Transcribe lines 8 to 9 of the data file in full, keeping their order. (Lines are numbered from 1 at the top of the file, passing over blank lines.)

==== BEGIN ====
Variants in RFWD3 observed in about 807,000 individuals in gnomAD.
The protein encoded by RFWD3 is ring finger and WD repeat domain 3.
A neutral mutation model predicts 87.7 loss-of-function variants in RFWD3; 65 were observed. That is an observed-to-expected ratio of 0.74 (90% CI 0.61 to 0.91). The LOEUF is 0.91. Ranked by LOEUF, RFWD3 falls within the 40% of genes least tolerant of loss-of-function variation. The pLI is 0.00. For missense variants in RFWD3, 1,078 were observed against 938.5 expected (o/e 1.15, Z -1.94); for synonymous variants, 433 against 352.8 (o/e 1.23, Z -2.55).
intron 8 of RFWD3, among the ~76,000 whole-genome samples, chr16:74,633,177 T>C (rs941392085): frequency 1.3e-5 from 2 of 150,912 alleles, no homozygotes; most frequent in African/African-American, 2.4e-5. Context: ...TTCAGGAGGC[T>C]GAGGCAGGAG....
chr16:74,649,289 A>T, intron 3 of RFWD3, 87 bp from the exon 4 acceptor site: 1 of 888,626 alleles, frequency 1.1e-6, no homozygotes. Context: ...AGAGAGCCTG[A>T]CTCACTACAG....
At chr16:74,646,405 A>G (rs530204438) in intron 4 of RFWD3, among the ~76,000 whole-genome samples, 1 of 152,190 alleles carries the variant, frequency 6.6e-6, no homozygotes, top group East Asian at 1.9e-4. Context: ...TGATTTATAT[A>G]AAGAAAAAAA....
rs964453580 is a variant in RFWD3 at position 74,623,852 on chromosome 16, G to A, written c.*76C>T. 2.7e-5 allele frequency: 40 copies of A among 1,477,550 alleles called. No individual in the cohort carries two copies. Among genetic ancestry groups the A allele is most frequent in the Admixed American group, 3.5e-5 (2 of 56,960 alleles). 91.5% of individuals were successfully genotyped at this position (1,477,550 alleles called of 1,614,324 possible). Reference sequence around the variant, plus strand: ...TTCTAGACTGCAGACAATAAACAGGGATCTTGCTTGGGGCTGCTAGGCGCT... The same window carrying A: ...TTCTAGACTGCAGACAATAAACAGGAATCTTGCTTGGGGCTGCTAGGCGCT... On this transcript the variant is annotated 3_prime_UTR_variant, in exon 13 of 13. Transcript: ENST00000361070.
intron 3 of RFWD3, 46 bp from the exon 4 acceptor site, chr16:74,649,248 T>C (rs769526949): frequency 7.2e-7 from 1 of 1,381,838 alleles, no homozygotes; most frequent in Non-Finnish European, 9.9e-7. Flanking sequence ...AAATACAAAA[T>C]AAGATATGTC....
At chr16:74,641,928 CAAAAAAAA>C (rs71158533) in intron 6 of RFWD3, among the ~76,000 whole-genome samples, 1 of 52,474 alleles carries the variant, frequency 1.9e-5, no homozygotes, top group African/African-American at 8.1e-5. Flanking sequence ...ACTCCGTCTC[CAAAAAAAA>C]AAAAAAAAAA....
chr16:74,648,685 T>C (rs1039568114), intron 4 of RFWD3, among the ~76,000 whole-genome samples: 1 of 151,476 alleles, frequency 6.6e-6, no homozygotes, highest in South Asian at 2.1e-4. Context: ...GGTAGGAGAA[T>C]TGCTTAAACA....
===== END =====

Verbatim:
intron 3 of RFWD3, 46 bp from the exon 4 acceptor site, chr16:74,649,248 T>C (rs769526949): frequency 7.2e-7 from 1 of 1,381,838 alleles, no homozygotes; most frequent in Non-Finnish European, 9.9e-7. Flanking sequence ...AAATACAAAA[T>C]AAGATATGTC....
At chr16:74,641,928 CAAAAAAAA>C (rs71158533) in intron 6 of RFWD3, among the ~76,000 whole-genome samples, 1 of 52,474 alleles carries the variant, frequency 1.9e-5, no homozygotes, top group African/African-American at 8.1e-5. Flanking sequence ...ACTCCGTCTC[CAAAAAAAA>C]AAAAAAAAAA....